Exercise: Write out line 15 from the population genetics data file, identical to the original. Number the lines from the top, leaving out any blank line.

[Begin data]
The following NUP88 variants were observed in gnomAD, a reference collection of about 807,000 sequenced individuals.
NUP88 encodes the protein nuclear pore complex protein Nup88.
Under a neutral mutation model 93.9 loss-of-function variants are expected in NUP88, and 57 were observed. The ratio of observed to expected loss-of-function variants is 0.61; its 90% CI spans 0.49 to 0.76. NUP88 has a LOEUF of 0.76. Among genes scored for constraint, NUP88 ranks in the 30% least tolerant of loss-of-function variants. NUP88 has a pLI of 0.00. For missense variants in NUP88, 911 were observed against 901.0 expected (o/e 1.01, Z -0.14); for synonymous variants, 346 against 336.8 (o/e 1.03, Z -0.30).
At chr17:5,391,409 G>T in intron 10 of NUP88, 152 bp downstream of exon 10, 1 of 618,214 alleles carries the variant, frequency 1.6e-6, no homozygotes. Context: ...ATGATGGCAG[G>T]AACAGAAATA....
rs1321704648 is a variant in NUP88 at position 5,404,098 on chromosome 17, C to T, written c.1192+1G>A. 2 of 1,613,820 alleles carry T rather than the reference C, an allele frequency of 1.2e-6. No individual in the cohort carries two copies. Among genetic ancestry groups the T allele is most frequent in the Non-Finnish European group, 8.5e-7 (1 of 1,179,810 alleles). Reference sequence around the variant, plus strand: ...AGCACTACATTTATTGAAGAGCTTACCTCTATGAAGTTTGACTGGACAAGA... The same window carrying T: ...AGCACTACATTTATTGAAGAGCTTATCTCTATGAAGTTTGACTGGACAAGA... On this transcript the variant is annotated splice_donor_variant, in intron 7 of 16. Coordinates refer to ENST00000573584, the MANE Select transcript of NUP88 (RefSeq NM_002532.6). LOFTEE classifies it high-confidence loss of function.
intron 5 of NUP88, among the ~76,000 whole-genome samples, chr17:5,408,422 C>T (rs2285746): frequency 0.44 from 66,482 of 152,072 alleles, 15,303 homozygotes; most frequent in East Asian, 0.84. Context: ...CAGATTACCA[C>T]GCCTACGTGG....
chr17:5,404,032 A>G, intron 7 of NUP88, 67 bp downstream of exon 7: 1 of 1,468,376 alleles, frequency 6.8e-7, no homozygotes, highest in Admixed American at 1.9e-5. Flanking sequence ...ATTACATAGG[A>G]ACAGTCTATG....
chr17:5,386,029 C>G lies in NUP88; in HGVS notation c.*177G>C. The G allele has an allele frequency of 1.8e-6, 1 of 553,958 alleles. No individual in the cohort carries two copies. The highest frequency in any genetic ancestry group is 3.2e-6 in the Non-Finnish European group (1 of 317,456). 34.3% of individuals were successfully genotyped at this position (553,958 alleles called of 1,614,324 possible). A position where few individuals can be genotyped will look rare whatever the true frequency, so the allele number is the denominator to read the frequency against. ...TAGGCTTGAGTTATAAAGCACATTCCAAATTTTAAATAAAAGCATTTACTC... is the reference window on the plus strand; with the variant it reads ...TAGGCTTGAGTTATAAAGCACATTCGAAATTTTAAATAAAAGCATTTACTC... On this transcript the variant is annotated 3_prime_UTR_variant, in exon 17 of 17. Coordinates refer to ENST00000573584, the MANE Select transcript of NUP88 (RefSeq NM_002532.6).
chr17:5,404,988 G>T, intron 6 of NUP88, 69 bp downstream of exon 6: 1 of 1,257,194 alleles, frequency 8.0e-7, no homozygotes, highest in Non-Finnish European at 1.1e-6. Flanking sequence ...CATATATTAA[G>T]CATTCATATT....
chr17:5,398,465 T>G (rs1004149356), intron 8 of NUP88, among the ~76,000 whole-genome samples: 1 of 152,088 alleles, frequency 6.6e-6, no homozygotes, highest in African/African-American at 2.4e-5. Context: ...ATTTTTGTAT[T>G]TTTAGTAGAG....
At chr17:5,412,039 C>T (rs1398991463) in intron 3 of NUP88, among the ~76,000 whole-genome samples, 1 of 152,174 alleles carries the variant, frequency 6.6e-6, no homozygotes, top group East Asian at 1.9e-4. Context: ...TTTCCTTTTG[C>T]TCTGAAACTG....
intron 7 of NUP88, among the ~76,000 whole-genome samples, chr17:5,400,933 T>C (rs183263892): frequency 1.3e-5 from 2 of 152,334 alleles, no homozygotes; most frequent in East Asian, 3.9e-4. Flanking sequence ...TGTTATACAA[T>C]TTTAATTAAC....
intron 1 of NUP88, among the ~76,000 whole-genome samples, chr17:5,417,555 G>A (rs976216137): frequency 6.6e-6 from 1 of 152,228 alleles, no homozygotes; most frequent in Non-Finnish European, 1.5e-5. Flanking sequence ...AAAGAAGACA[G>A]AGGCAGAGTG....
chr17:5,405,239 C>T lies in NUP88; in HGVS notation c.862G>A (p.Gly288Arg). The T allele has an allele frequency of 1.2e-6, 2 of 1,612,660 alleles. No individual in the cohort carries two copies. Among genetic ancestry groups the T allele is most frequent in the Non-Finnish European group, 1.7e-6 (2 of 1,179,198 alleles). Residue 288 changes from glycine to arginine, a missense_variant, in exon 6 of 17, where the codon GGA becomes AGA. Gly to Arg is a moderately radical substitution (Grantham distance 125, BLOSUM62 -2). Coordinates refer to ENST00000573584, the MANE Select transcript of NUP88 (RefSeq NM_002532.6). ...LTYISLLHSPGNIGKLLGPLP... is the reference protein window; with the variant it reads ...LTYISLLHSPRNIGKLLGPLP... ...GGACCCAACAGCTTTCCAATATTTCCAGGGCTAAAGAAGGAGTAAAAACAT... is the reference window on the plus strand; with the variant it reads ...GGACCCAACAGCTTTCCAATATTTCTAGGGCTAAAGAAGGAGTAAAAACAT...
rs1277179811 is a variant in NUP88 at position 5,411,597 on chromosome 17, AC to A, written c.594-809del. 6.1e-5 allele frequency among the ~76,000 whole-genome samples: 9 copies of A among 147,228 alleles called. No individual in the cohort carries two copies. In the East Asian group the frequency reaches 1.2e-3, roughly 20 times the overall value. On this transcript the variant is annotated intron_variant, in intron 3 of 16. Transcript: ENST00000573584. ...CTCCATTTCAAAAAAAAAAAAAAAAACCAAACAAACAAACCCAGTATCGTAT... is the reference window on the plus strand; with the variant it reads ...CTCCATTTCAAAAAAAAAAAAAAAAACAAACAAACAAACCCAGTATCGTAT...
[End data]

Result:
rs1277179811 is a variant in NUP88 at position 5,411,597 on chromosome 17, AC to A, written c.594-809del. 6.1e-5 allele frequency among the ~76,000 whole-genome samples: 9 copies of A among 147,228 alleles called. No individual in the cohort carries two copies. In the East Asian group the frequency reaches 1.2e-3, roughly 20 times the overall value. On this transcript the variant is annotated intron_variant, in intron 3 of 16. Transcript: ENST00000573584. ...CTCCATTTCAAAAAAAAAAAAAAAAACCAAACAAACAAACCCAGTATCGTAT... is the reference window on the plus strand; with the variant it reads ...CTCCATTTCAAAAAAAAAAAAAAAAACAAACAAACAAACCCAGTATCGTAT...